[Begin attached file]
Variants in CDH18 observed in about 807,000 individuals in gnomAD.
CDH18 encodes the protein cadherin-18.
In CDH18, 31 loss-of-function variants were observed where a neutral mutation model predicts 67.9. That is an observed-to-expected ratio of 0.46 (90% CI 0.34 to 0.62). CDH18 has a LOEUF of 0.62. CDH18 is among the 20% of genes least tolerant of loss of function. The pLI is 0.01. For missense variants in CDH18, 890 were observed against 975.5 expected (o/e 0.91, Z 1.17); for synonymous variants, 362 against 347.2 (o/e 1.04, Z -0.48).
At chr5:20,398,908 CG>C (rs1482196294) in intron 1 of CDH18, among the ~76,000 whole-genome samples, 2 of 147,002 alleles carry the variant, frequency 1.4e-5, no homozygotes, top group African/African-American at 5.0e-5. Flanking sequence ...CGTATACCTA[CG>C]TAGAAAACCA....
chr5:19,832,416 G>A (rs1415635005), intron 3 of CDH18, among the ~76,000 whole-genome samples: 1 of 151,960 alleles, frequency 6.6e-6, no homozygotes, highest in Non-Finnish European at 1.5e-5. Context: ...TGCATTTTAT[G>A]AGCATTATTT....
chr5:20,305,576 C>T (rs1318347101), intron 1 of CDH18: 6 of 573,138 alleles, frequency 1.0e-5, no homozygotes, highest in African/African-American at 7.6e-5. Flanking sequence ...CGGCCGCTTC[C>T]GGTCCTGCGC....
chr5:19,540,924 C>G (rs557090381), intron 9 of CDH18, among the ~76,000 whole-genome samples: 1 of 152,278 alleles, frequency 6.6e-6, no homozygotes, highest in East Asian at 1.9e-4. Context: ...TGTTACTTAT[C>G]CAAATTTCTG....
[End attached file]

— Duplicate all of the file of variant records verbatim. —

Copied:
Variants in CDH18 observed in about 807,000 individuals in gnomAD.
CDH18 encodes the protein cadherin-18.
In CDH18, 31 loss-of-function variants were observed where a neutral mutation model predicts 67.9. That is an observed-to-expected ratio of 0.46 (90% CI 0.34 to 0.62). CDH18 has a LOEUF of 0.62. CDH18 is among the 20% of genes least tolerant of loss of function. The pLI is 0.01. For missense variants in CDH18, 890 were observed against 975.5 expected (o/e 0.91, Z 1.17); for synonymous variants, 362 against 347.2 (o/e 1.04, Z -0.48).
At chr5:20,398,908 CG>C (rs1482196294) in intron 1 of CDH18, among the ~76,000 whole-genome samples, 2 of 147,002 alleles carry the variant, frequency 1.4e-5, no homozygotes, top group African/African-American at 5.0e-5. Flanking sequence ...CGTATACCTA[CG>C]TAGAAAACCA....
chr5:19,832,416 G>A (rs1415635005), intron 3 of CDH18, among the ~76,000 whole-genome samples: 1 of 151,960 alleles, frequency 6.6e-6, no homozygotes, highest in Non-Finnish European at 1.5e-5. Context: ...TGCATTTTAT[G>A]AGCATTATTT....
chr5:20,305,576 C>T (rs1318347101), intron 1 of CDH18: 6 of 573,138 alleles, frequency 1.0e-5, no homozygotes, highest in African/African-American at 7.6e-5. Flanking sequence ...CGGCCGCTTC[C>T]GGTCCTGCGC....
chr5:19,540,924 C>G (rs557090381), intron 9 of CDH18, among the ~76,000 whole-genome samples: 1 of 152,278 alleles, frequency 6.6e-6, no homozygotes, highest in East Asian at 1.9e-4. Context: ...TGTTACTTAT[C>G]CAAATTTCTG....